Alternative Proteins & Lab Based Meats Need Investors To Get Them Out Of The Lab

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Interest in lab-based meat and other alternative proteins is growing, but the industry needs investment to take innovation from the laboratory to the mass market.

Fabian Erici, Investment Manager at Stockholm-based venture capital fund Norrsken VC, explains why the investment is needed and the impact it could have…

 
There is a saying that you try food for the first time because it is novel, the second because it tastes good, and a third time because it is good value. If consumers don’t think it is worth the money, no new food will take off. This is what the foodtech industry faces with its alternative proteins: they are unique, they taste good, but the price point just isn’t there yet.

Plant-based alternatives to meat are already on their way to reaching the mass market, but other protein alternatives – such as lab-grown meat – have been too expensive for the average consumer. Back in 2013, the first cultivated meat (which was created with cells from a live animal and grown in a lab) was introduced to food experts in London.

The burger they ate was certainly novel, and they said it tasted good. But getting the meat to that point had required an investment of US$330,000.

And now, moving this kind of meat to the restaurant table is becoming a reality. It has been served in Singapore since 2020, and in Israel since 2021, but still, it is a novelty and too expensive for most consumers.
 

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The early stages of innovation in lab-grown meat, and precision fermentation, have been successful. Now we need to shift from ‘if it can be done’ to ‘how to do it at scale’.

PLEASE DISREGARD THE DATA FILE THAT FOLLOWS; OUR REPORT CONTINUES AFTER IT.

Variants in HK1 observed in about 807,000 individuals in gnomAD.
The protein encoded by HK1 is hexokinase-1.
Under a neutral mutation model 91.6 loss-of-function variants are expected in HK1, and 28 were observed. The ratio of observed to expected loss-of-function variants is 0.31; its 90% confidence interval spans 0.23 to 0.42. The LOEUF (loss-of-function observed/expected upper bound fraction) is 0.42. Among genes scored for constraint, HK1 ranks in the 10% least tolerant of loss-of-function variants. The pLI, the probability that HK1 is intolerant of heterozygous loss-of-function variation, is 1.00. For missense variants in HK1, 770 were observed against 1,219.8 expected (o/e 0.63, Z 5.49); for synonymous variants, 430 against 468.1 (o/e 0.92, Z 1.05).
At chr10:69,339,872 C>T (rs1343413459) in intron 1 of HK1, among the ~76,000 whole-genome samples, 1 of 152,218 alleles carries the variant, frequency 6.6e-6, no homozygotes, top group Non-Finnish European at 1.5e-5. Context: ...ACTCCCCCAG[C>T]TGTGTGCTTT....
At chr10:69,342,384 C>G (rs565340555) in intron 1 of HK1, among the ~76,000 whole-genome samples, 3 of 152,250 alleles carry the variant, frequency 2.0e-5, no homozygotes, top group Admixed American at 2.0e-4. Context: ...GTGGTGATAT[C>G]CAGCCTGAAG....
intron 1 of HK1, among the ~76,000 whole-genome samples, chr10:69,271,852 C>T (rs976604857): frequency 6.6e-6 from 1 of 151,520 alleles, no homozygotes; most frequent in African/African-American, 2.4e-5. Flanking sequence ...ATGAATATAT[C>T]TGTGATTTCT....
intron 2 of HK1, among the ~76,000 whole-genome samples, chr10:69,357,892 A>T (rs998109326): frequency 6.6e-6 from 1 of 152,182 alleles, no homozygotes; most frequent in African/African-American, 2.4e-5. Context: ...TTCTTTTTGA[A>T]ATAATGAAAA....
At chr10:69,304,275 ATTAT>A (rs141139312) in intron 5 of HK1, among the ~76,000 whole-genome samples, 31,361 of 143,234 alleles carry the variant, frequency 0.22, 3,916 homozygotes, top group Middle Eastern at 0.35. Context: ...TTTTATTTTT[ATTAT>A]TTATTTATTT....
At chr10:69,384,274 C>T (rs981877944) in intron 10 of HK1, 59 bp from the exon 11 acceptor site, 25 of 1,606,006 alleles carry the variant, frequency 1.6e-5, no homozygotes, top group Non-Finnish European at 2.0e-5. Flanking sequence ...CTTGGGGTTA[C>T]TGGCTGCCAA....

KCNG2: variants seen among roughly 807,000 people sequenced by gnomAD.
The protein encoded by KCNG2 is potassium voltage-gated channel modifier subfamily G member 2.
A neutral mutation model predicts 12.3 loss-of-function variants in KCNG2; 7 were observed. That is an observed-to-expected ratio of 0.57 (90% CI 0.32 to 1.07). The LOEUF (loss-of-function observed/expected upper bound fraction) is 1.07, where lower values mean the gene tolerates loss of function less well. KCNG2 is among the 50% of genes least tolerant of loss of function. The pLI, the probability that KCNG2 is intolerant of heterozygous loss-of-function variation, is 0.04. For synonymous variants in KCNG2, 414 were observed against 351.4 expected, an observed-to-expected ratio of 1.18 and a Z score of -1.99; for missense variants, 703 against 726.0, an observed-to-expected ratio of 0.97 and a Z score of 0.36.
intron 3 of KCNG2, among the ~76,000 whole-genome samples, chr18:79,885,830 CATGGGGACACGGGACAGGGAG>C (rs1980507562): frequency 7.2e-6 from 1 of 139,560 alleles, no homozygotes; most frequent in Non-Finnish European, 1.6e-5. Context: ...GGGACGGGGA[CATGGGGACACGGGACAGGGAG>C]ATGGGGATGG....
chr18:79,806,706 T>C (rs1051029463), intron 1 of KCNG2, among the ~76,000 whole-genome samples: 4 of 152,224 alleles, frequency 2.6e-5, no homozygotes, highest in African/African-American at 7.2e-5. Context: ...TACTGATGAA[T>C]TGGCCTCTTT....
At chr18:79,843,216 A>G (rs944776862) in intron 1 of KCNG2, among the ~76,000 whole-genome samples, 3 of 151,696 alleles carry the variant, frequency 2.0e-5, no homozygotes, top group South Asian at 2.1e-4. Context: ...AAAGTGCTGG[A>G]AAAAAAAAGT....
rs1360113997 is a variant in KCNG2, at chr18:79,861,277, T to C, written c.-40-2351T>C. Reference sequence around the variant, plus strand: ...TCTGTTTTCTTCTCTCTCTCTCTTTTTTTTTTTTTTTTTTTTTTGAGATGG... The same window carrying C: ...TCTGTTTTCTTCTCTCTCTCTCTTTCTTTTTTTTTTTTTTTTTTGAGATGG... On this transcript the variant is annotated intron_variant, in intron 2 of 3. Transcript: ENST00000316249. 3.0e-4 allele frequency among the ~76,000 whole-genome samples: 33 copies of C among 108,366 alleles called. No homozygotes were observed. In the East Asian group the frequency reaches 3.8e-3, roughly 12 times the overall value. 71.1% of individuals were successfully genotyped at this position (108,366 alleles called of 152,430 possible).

This investment will not only deliver financial returns, but also an opportunity to have a positive impact on a large scale. This is good news for impact investors like Norrsken VC, which is looking for the next impact unicorn – a company that has the potential to positively impact 1 billion people. Alternative proteins address the most pressing sustainability issues in our food ecosystem: they use less land, fewer carbon emissions, and there is no need to cart animals to the slaughterhouse.

And there are predictions that our oceans will be fishless by 2050; we need to find alternatives.

Awareness of plant-based alternatives has already grown exponentially. And we are hearing that customers of companies like Collectiv Food – a next-generation food supply service – are increasingly asking about other alternative proteins.

We have already witnessed the success of start-ups like Bluu Seafood, which has cultivated seafood from fish cells, but this is still a niche product. For this, and other innovations, to reach the mass market investment needs to go into the technology to scale it up.

Lab-grown meat may have been cultivated in a small bioprocessor tank but taking it to industrial-size tanks is challenging. Much of this technology was initially developed for the pharmaceutical industry, where the economics of low volumes and high cost can make sense. For meat alternatives, however, more development is needed to take the processes from the lab setting to industrial tanks. Now is the right time to invest in taking alternative proteins out of the lab.

Early movers – like Bluu Seafood – have already shown it can be done. Now is the time to do it at scale.